How much does the cloud weigh and why doesn't it fall to the ground?
From the ground, the clouds seem weightless to us. Is it true that they weigh hundreds of tons?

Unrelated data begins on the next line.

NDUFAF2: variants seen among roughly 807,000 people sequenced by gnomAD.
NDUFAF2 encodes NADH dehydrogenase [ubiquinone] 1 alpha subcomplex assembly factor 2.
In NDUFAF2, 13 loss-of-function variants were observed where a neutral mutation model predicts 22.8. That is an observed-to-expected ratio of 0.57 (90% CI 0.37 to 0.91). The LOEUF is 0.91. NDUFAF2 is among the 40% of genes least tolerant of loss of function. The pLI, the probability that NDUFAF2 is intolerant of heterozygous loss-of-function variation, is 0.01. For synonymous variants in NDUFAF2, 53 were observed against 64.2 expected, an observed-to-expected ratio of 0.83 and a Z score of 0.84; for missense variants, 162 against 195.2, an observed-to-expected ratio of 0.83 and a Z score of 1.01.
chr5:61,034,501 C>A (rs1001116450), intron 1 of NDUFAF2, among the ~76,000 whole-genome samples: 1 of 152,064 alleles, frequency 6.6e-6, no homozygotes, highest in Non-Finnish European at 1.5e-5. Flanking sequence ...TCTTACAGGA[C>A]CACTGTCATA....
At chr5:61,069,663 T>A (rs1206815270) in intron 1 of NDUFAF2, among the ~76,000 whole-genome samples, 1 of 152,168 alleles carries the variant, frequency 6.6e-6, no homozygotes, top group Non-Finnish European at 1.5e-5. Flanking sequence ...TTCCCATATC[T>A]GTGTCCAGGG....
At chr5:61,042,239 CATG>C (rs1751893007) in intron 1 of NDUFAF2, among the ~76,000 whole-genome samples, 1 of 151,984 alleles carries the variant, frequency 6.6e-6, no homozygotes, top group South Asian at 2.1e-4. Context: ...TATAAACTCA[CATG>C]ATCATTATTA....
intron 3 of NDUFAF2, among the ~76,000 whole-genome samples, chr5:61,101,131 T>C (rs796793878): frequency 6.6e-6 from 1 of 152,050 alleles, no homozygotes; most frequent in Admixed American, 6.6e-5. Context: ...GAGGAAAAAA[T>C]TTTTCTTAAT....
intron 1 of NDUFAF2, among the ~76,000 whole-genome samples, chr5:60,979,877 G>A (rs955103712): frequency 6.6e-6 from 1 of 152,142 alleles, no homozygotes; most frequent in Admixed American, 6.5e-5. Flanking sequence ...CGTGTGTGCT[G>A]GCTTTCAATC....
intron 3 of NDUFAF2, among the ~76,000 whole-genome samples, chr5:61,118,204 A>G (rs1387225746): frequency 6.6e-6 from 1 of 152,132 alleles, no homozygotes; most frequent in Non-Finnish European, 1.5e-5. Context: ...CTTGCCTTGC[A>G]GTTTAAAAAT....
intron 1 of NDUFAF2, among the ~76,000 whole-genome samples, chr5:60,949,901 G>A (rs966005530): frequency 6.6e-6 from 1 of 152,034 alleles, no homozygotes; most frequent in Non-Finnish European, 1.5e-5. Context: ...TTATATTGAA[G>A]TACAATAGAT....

“Clouds consist of a mixture of air and tiny water droplets with a diameter of only a few microns, or the smallest ice crystals,” Igor Mokhov, scientific director of the Institute of Atmospheric Physics of the Russian Academy of Sciences, explained to AiF. “The lightest clouds are cirrus, in the upper troposphere at an altitude of 8 km.” According to scientists, clouds weigh from 10–20 tons (a small white cloud) to several thousand or even millions of tons (a thunderstorm, almost black cloud). The most widespread and most recognizable cumulus cloud weighs an average of 500 tons. Thunderclouds can weigh 20-25 million tons. Water droplets are dispersed in a cloud over a very large space and are sometimes so small that even gravity does not affect such a microscopic suspension. Therefore, the cloud moves freely through the air and does not fall to the ground.